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Rameau argues that melody is derived from harmony

November 24, 2007

JP Rameau

Extract from the Traité de l’harmonie [1722]

In this extract Rameau argues that melody is derived from harmony.

Chapter 19

CONTINUATION OF THE PRECEDING CHAPTER , IN WHICH IT APPEARS THAT MELODY ARISES FROM HARMONY

At first sight it would seem that harmony arises from melody, inasmuch as the melodies which the single voices produce become harmony when they are combined; it has, however, been necessary to determine in advance a path for each of these voices in order that they may agree together. No matter, then, what order of melody we may observe in the individual parts, taken together they will scarcely form a tolerable harmony (not to say that it is impossible that they should do so) unless this order has been dictated to them by the rules of harmony. Nevertheless, to make the whole theory of harmony more intelligible, we begin by teaching the method of constructing a melody, and supposing that we have made some progress with this, whatever ideas we may have formed concerning ti are set aside the moment it is a question of joining it to another part; we are no longer masters of the melody, and while we are occupied in seeking out the path which one part should follow in relation to another, we often lost sight of the one we proposed to ourselves, or are at least obliged to change it, lest the restraint this first part imposes on us prevent our always giving to the others a melody as perfect as we might wish. It is harmony then that guides us, not melody. A learned musician may indeed propose to himself a beautiful melody suitable for harmonization. But whence has he this happy faculty? Cannot nature have provided it? Assuredly. And if, on the other hand, nature has refused him this gift, how may he succeed? Only by means of the rules. But whence are we to derive these? That is what we must determine.

Strunk, Oliver, Source Readings in Music History, The Baroque Era. WW Norton & Company, New York and London, 1965. SBN 393-09682-3, p. 210.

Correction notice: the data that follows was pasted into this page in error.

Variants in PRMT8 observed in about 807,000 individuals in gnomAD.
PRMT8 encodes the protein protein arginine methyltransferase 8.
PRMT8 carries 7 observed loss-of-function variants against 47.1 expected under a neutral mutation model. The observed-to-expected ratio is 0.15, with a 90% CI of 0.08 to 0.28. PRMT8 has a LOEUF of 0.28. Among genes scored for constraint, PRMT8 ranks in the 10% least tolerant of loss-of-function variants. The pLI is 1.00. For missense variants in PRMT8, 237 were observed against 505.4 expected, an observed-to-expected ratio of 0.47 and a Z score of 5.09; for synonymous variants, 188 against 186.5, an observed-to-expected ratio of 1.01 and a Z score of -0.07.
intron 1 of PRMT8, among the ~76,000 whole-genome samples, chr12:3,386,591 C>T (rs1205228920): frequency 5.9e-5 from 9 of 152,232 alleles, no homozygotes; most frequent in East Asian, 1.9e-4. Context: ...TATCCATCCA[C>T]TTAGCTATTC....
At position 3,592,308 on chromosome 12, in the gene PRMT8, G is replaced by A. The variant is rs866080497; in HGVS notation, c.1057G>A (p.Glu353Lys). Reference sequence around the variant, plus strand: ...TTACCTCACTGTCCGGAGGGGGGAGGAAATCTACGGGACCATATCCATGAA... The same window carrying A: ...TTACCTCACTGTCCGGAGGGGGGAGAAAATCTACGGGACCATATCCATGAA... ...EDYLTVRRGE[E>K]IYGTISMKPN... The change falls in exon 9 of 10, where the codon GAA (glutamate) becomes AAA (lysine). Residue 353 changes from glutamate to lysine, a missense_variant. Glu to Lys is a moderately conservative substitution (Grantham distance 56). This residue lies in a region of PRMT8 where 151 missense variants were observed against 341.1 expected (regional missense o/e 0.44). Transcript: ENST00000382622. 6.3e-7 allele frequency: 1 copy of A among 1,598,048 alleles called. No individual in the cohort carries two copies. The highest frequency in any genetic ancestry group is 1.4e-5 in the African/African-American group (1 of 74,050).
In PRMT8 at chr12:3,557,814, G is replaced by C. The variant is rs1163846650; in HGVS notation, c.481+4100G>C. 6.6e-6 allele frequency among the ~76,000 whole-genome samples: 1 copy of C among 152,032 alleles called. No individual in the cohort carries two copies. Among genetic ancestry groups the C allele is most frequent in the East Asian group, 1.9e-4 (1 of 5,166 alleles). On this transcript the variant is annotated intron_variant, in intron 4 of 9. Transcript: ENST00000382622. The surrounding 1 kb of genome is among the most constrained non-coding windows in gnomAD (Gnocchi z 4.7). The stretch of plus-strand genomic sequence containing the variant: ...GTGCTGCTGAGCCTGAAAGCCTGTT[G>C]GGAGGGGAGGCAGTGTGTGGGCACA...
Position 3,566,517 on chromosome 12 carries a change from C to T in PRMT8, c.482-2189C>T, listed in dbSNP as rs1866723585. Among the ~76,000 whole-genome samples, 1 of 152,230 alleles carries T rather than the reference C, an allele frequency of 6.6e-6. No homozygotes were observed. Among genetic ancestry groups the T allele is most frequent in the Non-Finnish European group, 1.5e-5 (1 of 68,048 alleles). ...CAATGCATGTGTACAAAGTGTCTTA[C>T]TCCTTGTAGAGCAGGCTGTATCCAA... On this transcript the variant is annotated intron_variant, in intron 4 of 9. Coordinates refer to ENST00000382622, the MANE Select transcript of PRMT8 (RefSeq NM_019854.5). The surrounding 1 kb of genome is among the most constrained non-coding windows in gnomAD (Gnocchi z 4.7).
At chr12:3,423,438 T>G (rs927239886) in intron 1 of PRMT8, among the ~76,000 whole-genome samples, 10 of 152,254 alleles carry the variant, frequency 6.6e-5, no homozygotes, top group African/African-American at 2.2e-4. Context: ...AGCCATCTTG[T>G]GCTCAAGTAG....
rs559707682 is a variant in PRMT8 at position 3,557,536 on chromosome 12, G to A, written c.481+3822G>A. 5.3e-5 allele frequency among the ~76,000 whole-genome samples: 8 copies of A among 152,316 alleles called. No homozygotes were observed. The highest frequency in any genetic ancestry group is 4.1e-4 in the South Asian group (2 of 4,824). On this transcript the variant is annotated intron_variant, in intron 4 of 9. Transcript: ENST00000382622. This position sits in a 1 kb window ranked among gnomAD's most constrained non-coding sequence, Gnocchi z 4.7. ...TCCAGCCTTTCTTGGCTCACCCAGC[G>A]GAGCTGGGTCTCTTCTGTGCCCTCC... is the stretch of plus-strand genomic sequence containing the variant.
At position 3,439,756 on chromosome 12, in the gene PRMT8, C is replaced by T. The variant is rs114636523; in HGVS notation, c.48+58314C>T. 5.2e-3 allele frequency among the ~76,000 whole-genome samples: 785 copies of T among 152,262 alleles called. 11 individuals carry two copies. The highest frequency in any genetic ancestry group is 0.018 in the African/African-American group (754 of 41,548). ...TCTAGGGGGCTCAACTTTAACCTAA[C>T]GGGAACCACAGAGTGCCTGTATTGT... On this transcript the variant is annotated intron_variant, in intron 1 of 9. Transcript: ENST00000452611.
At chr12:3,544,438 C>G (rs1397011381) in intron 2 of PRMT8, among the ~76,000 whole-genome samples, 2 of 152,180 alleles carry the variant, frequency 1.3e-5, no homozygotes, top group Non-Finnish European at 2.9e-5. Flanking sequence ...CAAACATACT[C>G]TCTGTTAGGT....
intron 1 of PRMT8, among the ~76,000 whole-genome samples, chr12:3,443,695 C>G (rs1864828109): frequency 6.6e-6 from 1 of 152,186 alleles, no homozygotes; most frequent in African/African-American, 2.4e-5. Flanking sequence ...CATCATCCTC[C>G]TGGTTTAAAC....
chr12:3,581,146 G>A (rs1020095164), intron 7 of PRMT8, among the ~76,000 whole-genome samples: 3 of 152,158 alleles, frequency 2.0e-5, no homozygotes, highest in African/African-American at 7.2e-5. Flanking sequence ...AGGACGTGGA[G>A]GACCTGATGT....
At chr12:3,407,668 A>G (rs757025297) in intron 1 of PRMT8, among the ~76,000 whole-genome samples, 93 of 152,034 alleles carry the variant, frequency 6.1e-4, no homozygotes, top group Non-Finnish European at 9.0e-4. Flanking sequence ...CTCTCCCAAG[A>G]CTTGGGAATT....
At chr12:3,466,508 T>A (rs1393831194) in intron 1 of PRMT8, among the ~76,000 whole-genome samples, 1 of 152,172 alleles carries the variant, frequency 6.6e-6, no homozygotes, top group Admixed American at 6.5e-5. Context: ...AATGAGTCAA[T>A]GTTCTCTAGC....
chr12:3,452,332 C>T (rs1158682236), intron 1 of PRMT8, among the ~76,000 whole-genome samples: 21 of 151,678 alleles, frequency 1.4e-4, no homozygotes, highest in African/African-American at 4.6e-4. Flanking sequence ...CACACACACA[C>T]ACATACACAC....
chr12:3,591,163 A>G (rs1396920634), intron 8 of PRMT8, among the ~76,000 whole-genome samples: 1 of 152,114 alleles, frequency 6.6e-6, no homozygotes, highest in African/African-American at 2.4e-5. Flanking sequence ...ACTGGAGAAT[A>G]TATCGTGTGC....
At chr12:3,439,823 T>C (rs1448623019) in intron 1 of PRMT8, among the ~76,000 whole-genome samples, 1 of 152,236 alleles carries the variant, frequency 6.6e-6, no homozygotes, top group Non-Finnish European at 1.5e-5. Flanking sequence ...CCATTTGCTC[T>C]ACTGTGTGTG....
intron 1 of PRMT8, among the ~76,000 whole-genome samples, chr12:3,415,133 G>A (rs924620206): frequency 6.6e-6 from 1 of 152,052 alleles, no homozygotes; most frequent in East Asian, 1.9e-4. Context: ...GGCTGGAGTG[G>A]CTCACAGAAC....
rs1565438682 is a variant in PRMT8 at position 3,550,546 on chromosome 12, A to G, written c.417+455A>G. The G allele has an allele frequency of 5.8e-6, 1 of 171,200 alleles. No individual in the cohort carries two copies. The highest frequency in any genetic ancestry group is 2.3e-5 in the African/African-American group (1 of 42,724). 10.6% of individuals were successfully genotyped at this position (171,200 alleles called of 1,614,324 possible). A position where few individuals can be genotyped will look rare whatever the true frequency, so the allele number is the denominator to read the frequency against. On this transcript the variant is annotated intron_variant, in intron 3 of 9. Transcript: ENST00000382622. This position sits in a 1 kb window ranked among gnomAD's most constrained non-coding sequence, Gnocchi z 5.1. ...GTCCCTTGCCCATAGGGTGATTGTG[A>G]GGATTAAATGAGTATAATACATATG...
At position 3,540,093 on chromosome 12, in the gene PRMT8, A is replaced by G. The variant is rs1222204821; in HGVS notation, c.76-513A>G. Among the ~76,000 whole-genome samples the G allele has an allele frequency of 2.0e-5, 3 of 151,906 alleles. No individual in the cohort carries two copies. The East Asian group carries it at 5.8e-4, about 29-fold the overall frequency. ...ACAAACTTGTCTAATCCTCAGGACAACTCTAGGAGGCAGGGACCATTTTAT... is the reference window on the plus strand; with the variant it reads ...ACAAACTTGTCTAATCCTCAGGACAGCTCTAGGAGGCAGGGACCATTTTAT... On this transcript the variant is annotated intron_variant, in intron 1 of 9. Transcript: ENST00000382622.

4 Comments leave one →
  1. March 4, 2009 8:38 pm

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    • March 5, 2009 4:04 pm

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  2. January 8, 2011 3:22 pm

    Methinks “Jalleluplipse” is a fake post, they didn’t really read anything and have no interest in music theory.
    On the other hand, I read this with interest. I agree with Rameau that harmony comes first, but only for ‘tonal’ music. I tell my students if you haven’t got a good chord progression, no amount of tinkering with the melody will fix it. But if you have a good progression, you can write heaps of good tunes to it.

  3. December 12, 2012 7:06 am

    The quotation is very interesant especially its several last sentences (beginning from “A learned musician may…” The sense of this passage that Rameau claims that his theory is necessary for composition by people without gift. In reality it obviously unsufficient. The great Jean-Jasques Rousseau wrote about such practice:
    ” The study of composition, which used to require about twenty years, now can be completed in a couple of months; musicians are devouring the theories of Rameau, and the number of students has multiplied. … France has been inundated by bad music and bad musicians; everybody thinks he has understood the finesses of art before having learned as much as the rudiments; and everybody tries to invent new harmonies before having trained his ear to distinguish between right and wrong ones.”
    Here the opinion of H.Schenker in his work ” Rameau and Beethhoven” correlates very exactly:
    “That is the extent of the conflict which existed between the masterwork and theory. In the former horizontal considerations predominated, while in the latter the vertical elementwas uppermost. Likewise in accordance with the will of Nature―as if art was destined to be led to an impasse―came the paralytic standstill of human mediocrity, as a curse of its perenially-inherent inclination to mechanize its very being. Instead of creating substanceout of the live source of an idea, the average person absorbs ideas handed down to him only mechanistically.”

    Yuri Vilenkin

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